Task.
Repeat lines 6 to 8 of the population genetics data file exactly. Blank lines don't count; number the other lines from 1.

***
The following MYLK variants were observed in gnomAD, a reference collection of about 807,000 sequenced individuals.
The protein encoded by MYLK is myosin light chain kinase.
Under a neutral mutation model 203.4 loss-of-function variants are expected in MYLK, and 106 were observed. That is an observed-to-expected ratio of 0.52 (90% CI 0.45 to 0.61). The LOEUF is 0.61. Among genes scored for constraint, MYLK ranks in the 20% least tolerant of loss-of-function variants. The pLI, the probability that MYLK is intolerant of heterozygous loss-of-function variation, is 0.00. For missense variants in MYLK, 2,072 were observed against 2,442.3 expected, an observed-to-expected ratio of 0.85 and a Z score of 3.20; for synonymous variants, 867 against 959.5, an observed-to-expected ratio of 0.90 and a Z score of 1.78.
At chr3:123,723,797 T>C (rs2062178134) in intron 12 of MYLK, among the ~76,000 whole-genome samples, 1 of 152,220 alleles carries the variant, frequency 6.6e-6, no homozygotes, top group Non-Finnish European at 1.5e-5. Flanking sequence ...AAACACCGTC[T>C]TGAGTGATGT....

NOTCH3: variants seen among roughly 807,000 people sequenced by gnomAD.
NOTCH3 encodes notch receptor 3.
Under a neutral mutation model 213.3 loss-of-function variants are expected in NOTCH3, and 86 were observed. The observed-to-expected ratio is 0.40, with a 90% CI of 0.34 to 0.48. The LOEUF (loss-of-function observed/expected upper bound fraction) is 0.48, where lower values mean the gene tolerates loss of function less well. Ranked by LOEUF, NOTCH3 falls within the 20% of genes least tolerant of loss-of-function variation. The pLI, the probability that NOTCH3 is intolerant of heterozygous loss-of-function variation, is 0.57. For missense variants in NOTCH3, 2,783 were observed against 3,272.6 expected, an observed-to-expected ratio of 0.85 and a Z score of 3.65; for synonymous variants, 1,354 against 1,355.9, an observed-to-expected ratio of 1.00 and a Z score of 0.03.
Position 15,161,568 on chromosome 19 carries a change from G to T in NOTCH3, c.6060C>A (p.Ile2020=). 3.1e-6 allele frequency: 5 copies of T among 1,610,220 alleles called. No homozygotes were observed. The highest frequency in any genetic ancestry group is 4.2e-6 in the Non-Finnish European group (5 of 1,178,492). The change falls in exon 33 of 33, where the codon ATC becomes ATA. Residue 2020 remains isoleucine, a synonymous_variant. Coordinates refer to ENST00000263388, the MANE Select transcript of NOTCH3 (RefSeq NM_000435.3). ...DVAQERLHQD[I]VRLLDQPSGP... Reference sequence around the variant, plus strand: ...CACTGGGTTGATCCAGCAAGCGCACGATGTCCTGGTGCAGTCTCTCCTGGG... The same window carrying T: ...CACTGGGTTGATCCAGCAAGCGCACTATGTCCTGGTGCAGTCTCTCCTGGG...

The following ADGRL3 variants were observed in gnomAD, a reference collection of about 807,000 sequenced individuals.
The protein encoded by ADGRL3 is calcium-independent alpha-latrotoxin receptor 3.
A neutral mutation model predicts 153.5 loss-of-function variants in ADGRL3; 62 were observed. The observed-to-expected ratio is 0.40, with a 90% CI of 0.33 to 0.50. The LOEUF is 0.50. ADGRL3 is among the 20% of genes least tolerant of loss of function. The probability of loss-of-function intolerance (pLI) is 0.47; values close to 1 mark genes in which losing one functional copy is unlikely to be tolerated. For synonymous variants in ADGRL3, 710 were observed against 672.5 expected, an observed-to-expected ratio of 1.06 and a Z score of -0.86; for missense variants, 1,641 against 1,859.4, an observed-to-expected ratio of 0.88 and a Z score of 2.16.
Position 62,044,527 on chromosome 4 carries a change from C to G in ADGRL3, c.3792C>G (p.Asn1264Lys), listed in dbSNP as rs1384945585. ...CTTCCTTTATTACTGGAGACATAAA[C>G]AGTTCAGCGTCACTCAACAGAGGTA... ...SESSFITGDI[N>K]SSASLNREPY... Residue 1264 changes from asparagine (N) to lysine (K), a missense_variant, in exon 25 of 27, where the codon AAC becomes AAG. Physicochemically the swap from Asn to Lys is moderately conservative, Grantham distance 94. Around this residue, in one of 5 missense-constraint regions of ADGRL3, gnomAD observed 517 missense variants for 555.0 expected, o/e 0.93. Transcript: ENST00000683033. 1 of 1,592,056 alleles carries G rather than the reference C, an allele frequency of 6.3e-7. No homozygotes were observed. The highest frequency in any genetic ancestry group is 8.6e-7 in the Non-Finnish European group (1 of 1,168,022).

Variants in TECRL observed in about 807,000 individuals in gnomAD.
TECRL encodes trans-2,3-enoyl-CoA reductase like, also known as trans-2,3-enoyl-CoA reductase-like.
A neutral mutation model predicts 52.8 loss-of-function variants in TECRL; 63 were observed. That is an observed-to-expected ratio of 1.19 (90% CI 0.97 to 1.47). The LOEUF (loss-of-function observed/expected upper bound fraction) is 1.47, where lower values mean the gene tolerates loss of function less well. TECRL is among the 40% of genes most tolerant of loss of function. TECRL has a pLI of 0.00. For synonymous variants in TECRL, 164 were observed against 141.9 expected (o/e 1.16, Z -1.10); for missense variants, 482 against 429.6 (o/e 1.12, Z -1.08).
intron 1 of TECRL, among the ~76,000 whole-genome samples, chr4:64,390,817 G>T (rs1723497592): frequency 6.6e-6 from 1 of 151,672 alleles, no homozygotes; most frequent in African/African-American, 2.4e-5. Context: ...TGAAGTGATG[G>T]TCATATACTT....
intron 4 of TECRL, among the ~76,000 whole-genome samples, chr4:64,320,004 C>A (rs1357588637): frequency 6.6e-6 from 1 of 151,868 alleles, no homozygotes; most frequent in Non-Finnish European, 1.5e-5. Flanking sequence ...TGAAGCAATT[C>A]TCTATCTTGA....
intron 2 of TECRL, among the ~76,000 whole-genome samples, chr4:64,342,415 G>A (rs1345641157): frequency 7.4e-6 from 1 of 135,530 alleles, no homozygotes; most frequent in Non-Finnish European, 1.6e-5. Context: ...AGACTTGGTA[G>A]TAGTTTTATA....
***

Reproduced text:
NOTCH3 encodes notch receptor 3.
Under a neutral mutation model 213.3 loss-of-function variants are expected in NOTCH3, and 86 were observed. The observed-to-expected ratio is 0.40, with a 90% CI of 0.34 to 0.48. The LOEUF (loss-of-function observed/expected upper bound fraction) is 0.48, where lower values mean the gene tolerates loss of function less well. Ranked by LOEUF, NOTCH3 falls within the 20% of genes least tolerant of loss-of-function variation. The pLI, the probability that NOTCH3 is intolerant of heterozygous loss-of-function variation, is 0.57. For missense variants in NOTCH3, 2,783 were observed against 3,272.6 expected, an observed-to-expected ratio of 0.85 and a Z score of 3.65; for synonymous variants, 1,354 against 1,355.9, an observed-to-expected ratio of 1.00 and a Z score of 0.03.
Position 15,161,568 on chromosome 19 carries a change from G to T in NOTCH3, c.6060C>A (p.Ile2020=). 3.1e-6 allele frequency: 5 copies of T among 1,610,220 alleles called. No homozygotes were observed. The highest frequency in any genetic ancestry group is 4.2e-6 in the Non-Finnish European group (5 of 1,178,492). The change falls in exon 33 of 33, where the codon ATC becomes ATA. Residue 2020 remains isoleucine, a synonymous_variant. Coordinates refer to ENST00000263388, the MANE Select transcript of NOTCH3 (RefSeq NM_000435.3). ...DVAQERLHQD[I]VRLLDQPSGP... Reference sequence around the variant, plus strand: ...CACTGGGTTGATCCAGCAAGCGCACGATGTCCTGGTGCAGTCTCTCCTGGG... The same window carrying T: ...CACTGGGTTGATCCAGCAAGCGCACTATGTCCTGGTGCAGTCTCTCCTGGG...